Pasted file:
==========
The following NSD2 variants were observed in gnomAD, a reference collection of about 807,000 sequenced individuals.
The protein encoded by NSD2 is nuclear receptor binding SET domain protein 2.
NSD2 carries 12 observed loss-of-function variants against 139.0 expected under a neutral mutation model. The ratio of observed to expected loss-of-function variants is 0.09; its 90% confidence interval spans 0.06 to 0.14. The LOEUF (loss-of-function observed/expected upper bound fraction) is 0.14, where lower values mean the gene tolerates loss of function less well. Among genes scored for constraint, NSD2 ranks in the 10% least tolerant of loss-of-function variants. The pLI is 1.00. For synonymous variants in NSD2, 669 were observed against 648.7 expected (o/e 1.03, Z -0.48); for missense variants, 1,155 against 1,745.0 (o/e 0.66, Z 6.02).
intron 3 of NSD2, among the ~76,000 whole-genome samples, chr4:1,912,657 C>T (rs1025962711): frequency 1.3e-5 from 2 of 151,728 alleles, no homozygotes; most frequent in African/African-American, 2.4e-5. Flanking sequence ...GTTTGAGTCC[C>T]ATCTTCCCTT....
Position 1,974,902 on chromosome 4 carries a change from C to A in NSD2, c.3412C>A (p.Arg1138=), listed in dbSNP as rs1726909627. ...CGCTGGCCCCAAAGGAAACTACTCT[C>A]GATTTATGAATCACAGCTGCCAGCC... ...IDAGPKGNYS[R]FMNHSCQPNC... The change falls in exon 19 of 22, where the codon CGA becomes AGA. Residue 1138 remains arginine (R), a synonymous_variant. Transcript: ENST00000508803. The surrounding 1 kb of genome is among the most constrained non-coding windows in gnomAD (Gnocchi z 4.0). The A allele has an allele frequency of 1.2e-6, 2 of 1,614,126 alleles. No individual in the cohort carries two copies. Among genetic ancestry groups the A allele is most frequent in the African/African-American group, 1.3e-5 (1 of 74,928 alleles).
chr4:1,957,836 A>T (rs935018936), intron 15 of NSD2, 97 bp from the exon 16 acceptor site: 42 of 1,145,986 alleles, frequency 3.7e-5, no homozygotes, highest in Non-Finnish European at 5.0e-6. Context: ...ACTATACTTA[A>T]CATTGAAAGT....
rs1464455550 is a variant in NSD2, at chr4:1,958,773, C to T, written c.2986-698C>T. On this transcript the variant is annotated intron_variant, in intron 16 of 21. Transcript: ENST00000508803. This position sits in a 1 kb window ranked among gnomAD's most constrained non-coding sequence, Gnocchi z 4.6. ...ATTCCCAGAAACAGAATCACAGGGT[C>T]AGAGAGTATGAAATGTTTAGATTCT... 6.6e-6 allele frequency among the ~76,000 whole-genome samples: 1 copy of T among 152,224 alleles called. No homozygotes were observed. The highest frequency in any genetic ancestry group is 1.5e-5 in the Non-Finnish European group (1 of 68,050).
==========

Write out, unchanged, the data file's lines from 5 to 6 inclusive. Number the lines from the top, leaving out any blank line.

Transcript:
Position 1,974,902 on chromosome 4 carries a change from C to A in NSD2, c.3412C>A (p.Arg1138=), listed in dbSNP as rs1726909627. ...CGCTGGCCCCAAAGGAAACTACTCT[C>A]GATTTATGAATCACAGCTGCCAGCC... ...IDAGPKGNYS[R]FMNHSCQPNC... The change falls in exon 19 of 22, where the codon CGA becomes AGA. Residue 1138 remains arginine (R), a synonymous_variant. Transcript: ENST00000508803. The surrounding 1 kb of genome is among the most constrained non-coding windows in gnomAD (Gnocchi z 4.0). The A allele has an allele frequency of 1.2e-6, 2 of 1,614,126 alleles. No individual in the cohort carries two copies. Among genetic ancestry groups the A allele is most frequent in the African/African-American group, 1.3e-5 (1 of 74,928 alleles).
chr4:1,957,836 A>T (rs935018936), intron 15 of NSD2, 97 bp from the exon 16 acceptor site: 42 of 1,145,986 alleles, frequency 3.7e-5, no homozygotes, highest in Non-Finnish European at 5.0e-6. Context: ...ACTATACTTA[A>T]CATTGAAAGT....